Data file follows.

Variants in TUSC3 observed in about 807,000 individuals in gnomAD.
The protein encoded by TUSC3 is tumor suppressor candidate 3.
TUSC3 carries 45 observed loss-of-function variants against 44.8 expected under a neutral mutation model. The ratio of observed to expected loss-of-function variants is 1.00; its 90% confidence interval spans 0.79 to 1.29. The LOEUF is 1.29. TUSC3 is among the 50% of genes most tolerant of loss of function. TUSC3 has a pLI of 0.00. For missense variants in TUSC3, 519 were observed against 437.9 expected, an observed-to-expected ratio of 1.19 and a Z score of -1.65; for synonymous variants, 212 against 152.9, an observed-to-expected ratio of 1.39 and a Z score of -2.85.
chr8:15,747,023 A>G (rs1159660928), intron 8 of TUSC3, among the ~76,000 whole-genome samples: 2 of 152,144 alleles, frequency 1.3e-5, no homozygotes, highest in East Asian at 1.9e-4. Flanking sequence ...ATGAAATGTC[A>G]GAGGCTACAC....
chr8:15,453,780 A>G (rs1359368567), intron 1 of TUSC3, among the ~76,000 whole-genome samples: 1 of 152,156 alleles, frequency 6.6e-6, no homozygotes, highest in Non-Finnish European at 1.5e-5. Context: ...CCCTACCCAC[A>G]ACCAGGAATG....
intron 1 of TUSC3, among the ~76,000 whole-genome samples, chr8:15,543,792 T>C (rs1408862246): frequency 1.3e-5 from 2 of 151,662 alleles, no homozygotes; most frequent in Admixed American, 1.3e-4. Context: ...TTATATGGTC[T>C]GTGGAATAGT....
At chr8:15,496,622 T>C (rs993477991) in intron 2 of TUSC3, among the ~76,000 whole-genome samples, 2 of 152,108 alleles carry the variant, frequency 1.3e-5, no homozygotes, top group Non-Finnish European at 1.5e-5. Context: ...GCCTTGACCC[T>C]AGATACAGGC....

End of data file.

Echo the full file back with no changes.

Variants in TUSC3 observed in about 807,000 individuals in gnomAD.
The protein encoded by TUSC3 is tumor suppressor candidate 3.
TUSC3 carries 45 observed loss-of-function variants against 44.8 expected under a neutral mutation model. The ratio of observed to expected loss-of-function variants is 1.00; its 90% confidence interval spans 0.79 to 1.29. The LOEUF is 1.29. TUSC3 is among the 50% of genes most tolerant of loss of function. TUSC3 has a pLI of 0.00. For missense variants in TUSC3, 519 were observed against 437.9 expected, an observed-to-expected ratio of 1.19 and a Z score of -1.65; for synonymous variants, 212 against 152.9, an observed-to-expected ratio of 1.39 and a Z score of -2.85.
chr8:15,747,023 A>G (rs1159660928), intron 8 of TUSC3, among the ~76,000 whole-genome samples: 2 of 152,144 alleles, frequency 1.3e-5, no homozygotes, highest in East Asian at 1.9e-4. Flanking sequence ...ATGAAATGTC[A>G]GAGGCTACAC....
chr8:15,453,780 A>G (rs1359368567), intron 1 of TUSC3, among the ~76,000 whole-genome samples: 1 of 152,156 alleles, frequency 6.6e-6, no homozygotes, highest in Non-Finnish European at 1.5e-5. Context: ...CCCTACCCAC[A>G]ACCAGGAATG....
intron 1 of TUSC3, among the ~76,000 whole-genome samples, chr8:15,543,792 T>C (rs1408862246): frequency 1.3e-5 from 2 of 151,662 alleles, no homozygotes; most frequent in Admixed American, 1.3e-4. Context: ...TTATATGGTC[T>C]GTGGAATAGT....
At chr8:15,496,622 T>C (rs993477991) in intron 2 of TUSC3, among the ~76,000 whole-genome samples, 2 of 152,108 alleles carry the variant, frequency 1.3e-5, no homozygotes, top group Non-Finnish European at 1.5e-5. Context: ...GCCTTGACCC[T>C]AGATACAGGC....